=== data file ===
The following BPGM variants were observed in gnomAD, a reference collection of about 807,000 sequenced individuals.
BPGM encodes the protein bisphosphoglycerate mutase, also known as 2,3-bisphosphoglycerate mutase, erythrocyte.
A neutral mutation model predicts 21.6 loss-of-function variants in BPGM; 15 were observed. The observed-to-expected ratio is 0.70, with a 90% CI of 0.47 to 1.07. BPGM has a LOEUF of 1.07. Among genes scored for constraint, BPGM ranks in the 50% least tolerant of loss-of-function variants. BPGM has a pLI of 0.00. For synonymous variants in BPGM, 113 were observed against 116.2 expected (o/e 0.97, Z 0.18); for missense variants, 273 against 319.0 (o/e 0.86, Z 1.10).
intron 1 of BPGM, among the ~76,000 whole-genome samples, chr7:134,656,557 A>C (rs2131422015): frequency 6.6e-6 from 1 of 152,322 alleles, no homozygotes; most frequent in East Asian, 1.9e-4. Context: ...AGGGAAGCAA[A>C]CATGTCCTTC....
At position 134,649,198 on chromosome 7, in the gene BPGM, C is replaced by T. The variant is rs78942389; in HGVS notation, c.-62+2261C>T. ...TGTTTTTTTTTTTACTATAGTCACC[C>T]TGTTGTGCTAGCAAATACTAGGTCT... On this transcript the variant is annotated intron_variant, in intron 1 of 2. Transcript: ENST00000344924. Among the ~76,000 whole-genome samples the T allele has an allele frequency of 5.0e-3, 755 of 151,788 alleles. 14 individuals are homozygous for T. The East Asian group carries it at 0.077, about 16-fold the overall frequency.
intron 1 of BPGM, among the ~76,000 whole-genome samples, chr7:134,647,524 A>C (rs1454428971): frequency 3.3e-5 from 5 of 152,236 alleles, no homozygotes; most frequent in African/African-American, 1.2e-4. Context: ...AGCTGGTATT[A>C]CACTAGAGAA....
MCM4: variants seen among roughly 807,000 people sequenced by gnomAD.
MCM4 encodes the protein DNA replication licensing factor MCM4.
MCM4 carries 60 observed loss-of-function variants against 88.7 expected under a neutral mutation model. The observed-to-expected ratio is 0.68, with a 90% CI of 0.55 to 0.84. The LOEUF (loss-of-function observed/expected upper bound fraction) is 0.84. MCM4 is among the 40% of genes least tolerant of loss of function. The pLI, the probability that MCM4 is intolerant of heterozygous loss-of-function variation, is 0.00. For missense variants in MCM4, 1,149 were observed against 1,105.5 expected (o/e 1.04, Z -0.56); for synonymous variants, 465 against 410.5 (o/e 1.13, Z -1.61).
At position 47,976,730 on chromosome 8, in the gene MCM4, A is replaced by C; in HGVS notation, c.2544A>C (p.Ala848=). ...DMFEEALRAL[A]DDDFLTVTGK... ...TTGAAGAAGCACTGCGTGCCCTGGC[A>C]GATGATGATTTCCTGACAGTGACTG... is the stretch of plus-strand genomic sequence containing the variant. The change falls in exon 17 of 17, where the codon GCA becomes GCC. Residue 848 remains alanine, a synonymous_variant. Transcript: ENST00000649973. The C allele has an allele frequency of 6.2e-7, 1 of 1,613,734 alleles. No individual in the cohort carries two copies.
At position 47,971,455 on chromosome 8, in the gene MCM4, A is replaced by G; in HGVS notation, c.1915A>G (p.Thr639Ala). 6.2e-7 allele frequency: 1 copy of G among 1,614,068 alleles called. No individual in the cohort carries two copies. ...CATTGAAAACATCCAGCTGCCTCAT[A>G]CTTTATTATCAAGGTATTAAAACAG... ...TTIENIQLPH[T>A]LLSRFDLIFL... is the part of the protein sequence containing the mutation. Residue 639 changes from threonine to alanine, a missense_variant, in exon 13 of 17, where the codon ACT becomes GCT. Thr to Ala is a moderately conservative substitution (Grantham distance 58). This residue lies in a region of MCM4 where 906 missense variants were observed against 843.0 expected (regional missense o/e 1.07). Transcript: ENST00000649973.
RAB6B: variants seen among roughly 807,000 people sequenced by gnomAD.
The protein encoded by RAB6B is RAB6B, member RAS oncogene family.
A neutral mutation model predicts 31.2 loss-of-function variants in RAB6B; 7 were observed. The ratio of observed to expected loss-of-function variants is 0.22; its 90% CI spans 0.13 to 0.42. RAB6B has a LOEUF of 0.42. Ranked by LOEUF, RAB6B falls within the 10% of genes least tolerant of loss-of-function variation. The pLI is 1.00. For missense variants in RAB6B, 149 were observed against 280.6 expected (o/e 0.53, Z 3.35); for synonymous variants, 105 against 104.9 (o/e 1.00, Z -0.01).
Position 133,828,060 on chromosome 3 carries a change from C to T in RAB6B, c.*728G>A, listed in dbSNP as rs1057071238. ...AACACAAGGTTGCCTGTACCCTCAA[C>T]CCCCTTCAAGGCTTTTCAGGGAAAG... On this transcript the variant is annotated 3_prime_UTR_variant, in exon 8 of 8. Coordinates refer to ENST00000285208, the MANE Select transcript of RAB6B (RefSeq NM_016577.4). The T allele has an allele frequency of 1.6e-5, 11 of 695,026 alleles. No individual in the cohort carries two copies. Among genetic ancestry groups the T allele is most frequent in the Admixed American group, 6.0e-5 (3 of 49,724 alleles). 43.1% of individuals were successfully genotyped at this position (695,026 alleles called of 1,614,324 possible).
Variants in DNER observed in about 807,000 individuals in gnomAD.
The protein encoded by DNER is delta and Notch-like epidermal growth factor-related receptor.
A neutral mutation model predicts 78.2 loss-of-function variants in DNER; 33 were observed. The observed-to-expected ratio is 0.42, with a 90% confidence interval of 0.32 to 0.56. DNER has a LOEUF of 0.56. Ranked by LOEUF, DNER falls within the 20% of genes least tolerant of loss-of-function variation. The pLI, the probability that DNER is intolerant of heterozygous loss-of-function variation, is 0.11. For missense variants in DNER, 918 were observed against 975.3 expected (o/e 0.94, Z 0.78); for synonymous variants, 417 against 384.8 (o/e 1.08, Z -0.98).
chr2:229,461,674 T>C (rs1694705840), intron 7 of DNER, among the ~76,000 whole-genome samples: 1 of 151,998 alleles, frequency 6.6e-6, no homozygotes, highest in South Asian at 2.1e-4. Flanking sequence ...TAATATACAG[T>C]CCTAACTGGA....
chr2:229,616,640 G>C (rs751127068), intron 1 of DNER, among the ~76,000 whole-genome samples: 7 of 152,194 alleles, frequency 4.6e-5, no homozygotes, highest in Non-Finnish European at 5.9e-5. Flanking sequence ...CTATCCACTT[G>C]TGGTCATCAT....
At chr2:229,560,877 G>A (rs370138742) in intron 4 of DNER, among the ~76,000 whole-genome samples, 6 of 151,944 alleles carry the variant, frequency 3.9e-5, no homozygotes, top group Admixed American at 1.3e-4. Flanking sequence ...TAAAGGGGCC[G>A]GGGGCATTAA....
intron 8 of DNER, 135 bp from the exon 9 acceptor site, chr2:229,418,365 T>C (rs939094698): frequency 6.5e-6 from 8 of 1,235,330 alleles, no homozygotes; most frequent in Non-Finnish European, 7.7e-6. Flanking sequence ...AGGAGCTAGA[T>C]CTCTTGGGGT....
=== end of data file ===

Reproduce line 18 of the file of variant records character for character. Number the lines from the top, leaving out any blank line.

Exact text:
A neutral mutation model predicts 78.2 loss-of-function variants in DNER; 33 were observed. The observed-to-expected ratio is 0.42, with a 90% confidence interval of 0.32 to 0.56. DNER has a LOEUF of 0.56. Ranked by LOEUF, DNER falls within the 20% of genes least tolerant of loss-of-function variation. The pLI, the probability that DNER is intolerant of heterozygous loss-of-function variation, is 0.11. For missense variants in DNER, 918 were observed against 975.3 expected (o/e 0.94, Z 0.78); for synonymous variants, 417 against 384.8 (o/e 1.08, Z -0.98).